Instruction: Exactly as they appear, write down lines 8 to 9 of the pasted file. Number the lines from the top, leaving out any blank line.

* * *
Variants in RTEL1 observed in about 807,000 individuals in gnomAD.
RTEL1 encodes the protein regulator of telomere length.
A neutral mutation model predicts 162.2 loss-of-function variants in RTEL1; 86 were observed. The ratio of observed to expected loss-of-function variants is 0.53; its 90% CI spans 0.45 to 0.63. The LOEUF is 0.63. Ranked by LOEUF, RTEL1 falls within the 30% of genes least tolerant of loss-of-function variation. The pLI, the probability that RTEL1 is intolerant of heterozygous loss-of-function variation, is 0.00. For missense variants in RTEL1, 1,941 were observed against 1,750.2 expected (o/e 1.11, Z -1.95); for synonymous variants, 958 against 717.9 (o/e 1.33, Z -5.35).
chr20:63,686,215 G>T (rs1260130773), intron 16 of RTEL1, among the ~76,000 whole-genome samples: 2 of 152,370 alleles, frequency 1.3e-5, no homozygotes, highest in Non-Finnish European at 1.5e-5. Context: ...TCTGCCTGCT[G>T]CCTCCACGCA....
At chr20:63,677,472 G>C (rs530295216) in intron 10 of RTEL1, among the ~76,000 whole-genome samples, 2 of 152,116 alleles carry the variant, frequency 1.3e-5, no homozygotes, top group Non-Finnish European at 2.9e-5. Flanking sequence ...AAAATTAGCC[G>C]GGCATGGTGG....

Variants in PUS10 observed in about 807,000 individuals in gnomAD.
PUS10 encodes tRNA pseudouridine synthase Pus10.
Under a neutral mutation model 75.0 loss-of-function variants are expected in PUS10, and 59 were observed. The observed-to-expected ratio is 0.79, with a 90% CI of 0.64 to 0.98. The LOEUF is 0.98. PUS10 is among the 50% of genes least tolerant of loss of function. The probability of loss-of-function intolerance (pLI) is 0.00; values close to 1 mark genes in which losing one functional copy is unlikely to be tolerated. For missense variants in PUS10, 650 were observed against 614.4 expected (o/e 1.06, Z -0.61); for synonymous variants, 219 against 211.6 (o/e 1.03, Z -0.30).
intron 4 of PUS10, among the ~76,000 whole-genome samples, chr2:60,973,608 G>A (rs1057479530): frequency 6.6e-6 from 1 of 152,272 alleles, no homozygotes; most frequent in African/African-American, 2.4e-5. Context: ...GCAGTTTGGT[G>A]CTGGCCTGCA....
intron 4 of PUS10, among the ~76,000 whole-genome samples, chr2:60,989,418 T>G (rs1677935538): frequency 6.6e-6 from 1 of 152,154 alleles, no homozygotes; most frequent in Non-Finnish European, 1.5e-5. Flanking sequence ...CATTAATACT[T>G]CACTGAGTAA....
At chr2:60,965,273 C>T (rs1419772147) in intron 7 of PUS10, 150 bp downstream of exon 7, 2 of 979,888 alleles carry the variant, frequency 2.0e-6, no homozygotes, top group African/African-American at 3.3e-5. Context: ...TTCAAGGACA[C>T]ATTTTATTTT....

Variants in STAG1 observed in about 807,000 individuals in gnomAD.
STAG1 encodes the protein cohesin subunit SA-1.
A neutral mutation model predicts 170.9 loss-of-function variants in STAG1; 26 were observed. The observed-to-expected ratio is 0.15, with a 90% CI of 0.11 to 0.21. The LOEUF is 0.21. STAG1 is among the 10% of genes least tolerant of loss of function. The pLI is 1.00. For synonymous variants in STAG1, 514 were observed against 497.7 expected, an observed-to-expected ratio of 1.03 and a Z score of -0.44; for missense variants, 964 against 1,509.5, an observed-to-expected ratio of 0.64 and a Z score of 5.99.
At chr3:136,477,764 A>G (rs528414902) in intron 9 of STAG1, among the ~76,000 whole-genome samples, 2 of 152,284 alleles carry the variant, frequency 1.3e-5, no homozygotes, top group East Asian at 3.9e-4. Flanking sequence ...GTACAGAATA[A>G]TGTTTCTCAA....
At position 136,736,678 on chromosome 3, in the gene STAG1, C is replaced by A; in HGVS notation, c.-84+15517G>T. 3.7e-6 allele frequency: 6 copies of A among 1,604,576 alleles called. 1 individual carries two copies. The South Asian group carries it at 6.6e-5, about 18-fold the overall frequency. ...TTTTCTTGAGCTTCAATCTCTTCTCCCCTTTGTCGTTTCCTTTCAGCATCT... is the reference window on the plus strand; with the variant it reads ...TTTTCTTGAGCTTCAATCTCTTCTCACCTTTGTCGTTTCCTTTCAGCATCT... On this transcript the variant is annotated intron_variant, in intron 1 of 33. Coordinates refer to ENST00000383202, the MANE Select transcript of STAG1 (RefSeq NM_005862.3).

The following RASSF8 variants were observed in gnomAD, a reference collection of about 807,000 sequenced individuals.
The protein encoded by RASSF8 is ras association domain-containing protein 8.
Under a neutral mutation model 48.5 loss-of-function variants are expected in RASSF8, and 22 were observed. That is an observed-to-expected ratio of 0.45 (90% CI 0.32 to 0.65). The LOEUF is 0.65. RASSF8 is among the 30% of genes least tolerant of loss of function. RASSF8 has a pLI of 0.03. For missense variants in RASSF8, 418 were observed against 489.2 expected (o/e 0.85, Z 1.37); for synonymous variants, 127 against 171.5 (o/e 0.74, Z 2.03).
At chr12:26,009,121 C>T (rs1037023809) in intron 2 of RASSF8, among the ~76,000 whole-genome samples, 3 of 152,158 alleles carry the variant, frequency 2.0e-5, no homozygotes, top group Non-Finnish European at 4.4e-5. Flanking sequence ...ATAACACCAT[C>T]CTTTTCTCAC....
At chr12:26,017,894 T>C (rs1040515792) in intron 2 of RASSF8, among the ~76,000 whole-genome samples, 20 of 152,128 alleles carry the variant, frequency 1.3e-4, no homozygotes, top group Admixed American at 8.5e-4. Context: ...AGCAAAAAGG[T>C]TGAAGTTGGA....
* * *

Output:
Under a neutral mutation model 75.0 loss-of-function variants are expected in PUS10, and 59 were observed. The observed-to-expected ratio is 0.79, with a 90% CI of 0.64 to 0.98. The LOEUF is 0.98. PUS10 is among the 50% of genes least tolerant of loss of function. The probability of loss-of-function intolerance (pLI) is 0.00; values close to 1 mark genes in which losing one functional copy is unlikely to be tolerated. For missense variants in PUS10, 650 were observed against 614.4 expected (o/e 1.06, Z -0.61); for synonymous variants, 219 against 211.6 (o/e 1.03, Z -0.30).
intron 4 of PUS10, among the ~76,000 whole-genome samples, chr2:60,973,608 G>A (rs1057479530): frequency 6.6e-6 from 1 of 152,272 alleles, no homozygotes; most frequent in African/African-American, 2.4e-5. Context: ...GCAGTTTGGT[G>A]CTGGCCTGCA....